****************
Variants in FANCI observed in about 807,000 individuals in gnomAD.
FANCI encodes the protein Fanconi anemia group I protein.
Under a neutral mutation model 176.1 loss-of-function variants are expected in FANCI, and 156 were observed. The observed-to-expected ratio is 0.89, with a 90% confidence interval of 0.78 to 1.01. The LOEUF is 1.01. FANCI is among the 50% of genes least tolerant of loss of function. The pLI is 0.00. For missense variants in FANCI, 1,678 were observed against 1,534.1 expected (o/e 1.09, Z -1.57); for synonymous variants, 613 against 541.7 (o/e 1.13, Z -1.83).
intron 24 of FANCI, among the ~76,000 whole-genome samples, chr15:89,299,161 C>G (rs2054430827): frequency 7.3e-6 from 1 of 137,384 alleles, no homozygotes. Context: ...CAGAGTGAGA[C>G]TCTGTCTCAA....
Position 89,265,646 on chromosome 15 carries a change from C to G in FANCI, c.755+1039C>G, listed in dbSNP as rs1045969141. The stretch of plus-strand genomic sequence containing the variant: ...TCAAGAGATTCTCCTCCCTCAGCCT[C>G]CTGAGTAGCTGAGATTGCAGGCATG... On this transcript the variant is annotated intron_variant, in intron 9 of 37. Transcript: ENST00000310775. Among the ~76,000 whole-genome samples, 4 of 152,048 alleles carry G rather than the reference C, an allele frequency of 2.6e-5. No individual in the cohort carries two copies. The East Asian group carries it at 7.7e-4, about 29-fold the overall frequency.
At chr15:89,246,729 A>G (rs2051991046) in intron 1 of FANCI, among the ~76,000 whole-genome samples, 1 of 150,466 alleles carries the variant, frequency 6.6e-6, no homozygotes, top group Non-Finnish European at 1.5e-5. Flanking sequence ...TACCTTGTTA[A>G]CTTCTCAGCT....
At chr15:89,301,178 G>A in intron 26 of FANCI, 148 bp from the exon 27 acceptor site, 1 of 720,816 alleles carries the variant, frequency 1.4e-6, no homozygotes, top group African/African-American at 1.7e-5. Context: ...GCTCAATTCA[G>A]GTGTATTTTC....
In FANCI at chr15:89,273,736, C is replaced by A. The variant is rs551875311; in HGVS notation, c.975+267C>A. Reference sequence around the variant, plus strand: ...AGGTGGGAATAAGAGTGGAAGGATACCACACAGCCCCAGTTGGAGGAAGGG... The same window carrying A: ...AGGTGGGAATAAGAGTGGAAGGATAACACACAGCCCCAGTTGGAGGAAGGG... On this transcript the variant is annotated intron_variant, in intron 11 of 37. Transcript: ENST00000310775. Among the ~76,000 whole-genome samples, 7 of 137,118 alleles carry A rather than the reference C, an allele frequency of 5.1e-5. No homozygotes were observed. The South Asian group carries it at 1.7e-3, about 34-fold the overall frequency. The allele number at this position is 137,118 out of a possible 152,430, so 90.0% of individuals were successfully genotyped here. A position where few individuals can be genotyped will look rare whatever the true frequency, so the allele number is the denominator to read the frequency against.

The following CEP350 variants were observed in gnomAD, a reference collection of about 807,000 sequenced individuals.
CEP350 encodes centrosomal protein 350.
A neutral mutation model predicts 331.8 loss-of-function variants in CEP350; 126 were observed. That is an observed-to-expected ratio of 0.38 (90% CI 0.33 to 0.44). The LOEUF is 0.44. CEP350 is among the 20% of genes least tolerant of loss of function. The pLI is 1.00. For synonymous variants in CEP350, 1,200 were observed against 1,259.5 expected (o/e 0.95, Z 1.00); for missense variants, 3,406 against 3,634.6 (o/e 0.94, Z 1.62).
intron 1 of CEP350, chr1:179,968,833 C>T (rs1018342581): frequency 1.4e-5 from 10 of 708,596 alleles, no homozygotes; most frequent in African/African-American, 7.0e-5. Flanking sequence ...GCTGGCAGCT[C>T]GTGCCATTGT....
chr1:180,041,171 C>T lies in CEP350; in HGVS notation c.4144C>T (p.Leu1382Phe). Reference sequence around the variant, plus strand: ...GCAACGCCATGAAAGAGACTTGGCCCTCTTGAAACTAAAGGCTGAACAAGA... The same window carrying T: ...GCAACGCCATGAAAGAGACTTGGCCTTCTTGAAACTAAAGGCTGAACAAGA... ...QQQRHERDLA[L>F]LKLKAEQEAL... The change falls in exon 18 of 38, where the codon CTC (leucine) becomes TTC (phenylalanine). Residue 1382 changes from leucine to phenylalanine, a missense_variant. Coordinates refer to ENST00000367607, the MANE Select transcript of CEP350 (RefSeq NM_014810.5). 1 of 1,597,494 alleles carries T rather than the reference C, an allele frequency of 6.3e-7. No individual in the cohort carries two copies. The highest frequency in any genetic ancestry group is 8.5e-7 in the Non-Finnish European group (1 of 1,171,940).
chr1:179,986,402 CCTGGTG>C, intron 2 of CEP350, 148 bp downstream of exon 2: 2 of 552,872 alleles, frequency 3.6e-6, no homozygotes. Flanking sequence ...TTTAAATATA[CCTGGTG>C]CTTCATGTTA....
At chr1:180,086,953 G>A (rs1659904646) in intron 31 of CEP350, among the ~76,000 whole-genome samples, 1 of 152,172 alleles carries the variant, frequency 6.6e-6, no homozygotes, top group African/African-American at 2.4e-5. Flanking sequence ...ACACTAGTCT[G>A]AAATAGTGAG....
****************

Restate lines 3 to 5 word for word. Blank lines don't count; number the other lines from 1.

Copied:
Under a neutral mutation model 176.1 loss-of-function variants are expected in FANCI, and 156 were observed. The observed-to-expected ratio is 0.89, with a 90% confidence interval of 0.78 to 1.01. The LOEUF is 1.01. FANCI is among the 50% of genes least tolerant of loss of function. The pLI is 0.00. For missense variants in FANCI, 1,678 were observed against 1,534.1 expected (o/e 1.09, Z -1.57); for synonymous variants, 613 against 541.7 (o/e 1.13, Z -1.83).
intron 24 of FANCI, among the ~76,000 whole-genome samples, chr15:89,299,161 C>G (rs2054430827): frequency 7.3e-6 from 1 of 137,384 alleles, no homozygotes. Context: ...CAGAGTGAGA[C>G]TCTGTCTCAA....
Position 89,265,646 on chromosome 15 carries a change from C to G in FANCI, c.755+1039C>G, listed in dbSNP as rs1045969141. The stretch of plus-strand genomic sequence containing the variant: ...TCAAGAGATTCTCCTCCCTCAGCCT[C>G]CTGAGTAGCTGAGATTGCAGGCATG... On this transcript the variant is annotated intron_variant, in intron 9 of 37. Transcript: ENST00000310775. Among the ~76,000 whole-genome samples, 4 of 152,048 alleles carry G rather than the reference C, an allele frequency of 2.6e-5. No individual in the cohort carries two copies. The East Asian group carries it at 7.7e-4, about 29-fold the overall frequency.